Employers are confronting a tidal wave of pandemic employment litigation as plaintiffs’ counsel seek to hold employers responsible for decisions made during a time of rapidly evolving government guidelines, new laws, new regulations, and big changes in the way business is conducted during the pandemic.
For many years, employers dealing with solvency or M&A issues confronted the Worker Adjustment and Retraining Notification (WARN) Act in conjunction with long-term planning. Now, the rapid onset of Covid-19 and related regulations have caused many unforeseen layoffs, furloughs and business closures. Although some employers with business disruptions early in the crisis may benefit from the “unforeseeable business circumstances” defense that allows for less than 60 days’ notice of a mass layoff or plant closing, the continuing crisis will make such a defense difficult or impossible to assert.
Many states, like California, have their own versions of the WARN Act. At the outset of the pandemic, California’s Governor Newsom issued an order providing some relief from notice requirements. However, under the “unforeseeable business circumstances” and California’s emergency order, notice provisions are not entirely removed, but require employers to give as much notice as practical and provide information as to why notice could not be timely given.
One reported decision from the Middle District of Florida concluded that the parent of Alamo and Enterprise car rental companies could invoke neither the “natural disaster” defense nor the “unforeseeable business circumstances” to dismiss a WARN class action at the pleading stage, and that the “unforeseeable business circumstances” defense was fact-intensive.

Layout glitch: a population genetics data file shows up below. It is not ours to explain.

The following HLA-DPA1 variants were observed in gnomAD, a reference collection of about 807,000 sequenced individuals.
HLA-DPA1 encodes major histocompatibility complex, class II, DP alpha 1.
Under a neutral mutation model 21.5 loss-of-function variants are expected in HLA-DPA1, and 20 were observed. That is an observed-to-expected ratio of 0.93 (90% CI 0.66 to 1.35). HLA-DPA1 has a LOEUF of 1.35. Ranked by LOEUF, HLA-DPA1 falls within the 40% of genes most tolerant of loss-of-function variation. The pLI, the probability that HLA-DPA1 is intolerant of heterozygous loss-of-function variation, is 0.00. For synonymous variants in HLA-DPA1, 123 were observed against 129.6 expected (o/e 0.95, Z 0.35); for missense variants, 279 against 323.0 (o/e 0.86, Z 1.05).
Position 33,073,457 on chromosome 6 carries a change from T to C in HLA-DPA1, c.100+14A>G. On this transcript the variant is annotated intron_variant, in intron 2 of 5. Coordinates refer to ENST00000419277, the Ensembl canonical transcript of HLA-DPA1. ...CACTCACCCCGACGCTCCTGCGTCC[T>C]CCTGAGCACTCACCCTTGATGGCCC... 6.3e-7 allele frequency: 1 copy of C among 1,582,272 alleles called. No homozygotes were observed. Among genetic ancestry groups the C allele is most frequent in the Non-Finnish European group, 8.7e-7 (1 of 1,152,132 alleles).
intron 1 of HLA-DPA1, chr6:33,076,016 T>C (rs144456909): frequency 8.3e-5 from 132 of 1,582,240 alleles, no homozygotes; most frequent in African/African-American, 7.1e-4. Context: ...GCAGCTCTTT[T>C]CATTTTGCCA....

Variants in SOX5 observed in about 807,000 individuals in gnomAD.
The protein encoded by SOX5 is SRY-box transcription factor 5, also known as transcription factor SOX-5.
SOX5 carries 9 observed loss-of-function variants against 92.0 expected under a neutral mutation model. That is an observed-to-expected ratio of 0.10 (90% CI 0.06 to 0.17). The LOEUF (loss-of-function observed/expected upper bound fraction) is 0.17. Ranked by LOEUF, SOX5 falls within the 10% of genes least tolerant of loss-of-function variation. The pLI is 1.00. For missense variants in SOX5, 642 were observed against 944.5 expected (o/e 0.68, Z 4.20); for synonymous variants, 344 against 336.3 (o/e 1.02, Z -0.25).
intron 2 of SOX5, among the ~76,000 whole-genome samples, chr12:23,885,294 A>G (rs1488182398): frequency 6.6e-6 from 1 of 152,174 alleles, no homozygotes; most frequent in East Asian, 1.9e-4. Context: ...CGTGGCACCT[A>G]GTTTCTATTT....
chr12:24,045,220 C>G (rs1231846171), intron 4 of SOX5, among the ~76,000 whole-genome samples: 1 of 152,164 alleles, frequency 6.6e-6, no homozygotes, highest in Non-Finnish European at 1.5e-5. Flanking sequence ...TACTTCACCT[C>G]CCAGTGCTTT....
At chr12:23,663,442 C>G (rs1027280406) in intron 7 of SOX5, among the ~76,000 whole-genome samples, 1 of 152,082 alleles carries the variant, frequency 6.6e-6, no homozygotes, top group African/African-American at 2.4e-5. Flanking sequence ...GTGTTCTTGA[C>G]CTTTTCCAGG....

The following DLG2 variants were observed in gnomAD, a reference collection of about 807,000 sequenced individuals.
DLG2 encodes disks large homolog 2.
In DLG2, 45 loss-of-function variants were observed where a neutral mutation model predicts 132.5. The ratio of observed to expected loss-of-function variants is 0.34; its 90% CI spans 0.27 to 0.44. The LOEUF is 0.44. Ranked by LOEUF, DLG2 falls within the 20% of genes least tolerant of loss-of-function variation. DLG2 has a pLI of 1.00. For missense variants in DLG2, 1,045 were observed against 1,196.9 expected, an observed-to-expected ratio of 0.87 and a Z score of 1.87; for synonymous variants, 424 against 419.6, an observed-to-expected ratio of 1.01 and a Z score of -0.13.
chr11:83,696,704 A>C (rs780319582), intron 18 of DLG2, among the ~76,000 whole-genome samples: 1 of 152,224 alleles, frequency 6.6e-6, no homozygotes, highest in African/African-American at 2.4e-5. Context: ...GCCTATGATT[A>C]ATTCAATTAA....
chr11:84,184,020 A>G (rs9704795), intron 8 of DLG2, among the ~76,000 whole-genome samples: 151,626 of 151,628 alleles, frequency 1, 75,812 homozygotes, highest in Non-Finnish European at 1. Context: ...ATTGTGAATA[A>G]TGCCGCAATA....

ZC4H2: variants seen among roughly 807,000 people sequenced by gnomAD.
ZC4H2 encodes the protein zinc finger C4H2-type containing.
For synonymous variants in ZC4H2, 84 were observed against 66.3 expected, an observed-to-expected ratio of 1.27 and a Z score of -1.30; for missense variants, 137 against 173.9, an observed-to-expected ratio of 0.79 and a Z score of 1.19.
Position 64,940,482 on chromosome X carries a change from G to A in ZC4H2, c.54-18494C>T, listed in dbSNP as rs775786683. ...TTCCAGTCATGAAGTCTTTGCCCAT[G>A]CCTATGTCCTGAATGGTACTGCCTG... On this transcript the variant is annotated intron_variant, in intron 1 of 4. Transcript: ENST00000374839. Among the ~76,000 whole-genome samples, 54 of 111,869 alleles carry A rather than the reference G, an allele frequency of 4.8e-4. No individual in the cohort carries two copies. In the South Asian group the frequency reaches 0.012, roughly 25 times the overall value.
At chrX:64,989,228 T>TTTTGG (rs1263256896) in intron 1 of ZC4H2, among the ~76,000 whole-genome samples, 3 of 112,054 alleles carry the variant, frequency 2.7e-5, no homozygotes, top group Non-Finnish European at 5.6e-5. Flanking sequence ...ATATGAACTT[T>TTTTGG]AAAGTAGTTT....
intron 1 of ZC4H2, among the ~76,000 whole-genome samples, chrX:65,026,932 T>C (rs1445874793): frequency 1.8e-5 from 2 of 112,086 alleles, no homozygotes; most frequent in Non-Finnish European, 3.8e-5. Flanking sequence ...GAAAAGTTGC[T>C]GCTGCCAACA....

WAGE AND HOUR
Nationally, wage and hour errors will be increasingly costly to employers, especially when they are confronted with class action litigation — or, in California, Private Attorney General Act claims. Automation of operations, time-keeping methods and systematization of work processes leads to increasing certification of classes of employees across the country.
Minimum wage increases can create unintended calculation errors with significant consequences. Moreover, employees working in a remote location may not comply with an employer’s attempt to insulate against overtime work. Calculations of “regular rate of pay” become more complicated when employers are providing paid sick leave, paid Families First Coronavirus Response Act (FFCRA) leave, and other types of leave and pay that were not contemplated before Covid-19.
Finally, California requires employers to reimburse employees for expenses incurred while carrying out their work. Therefore, California employers who did not provide any kind of reimbursement to employees required to work remotely will likely face class action claims for reimbursement of expenses such as electricity, Wi-Fi and a portion of water bills.
DISCRIMINATION, WORKPLACE SAFETY AND RETALIATION
Federal discrimination claims, especially age and disability discrimination, are intertwined with leave laws such as the Family and Medical Leave Act (FMLA), the Families First Coronavirus Response Act (FFCRA), and state law equivalents. The rapidly changing regulations, Covid-19 infections, and the quarantining of employees who were in close contact necessarily implicate the potential for discrimination claims.
There are increasing numbers of retaliation claims by fired employees who complained about not getting enough leave, safety issues, and compliance with OSHA and other health or safety standards. In California, where failure to engage in the interactive process is an affirmative cause of action, this area is rife for increased litigation — especially where employers had little time to make layoff, furlough or termination decisions. Moreover, CAL/OSHA-promulgated emergency regulations have a host of requirements, including the return-to-work criteria for “exclusion pay to many employees.”
Litigation rooted in the pandemic will recede with Covid-19, but it is likely to be a long time before that happens.
Dan M. Forman is Chair of CDF Labor Law’s Unfair Competition & Trade Secret Practice Group. He has extensive experience counseling and litigating over trade secrets, covenants not to compete, executive compensation and severance, and other aspects of employment and labor law.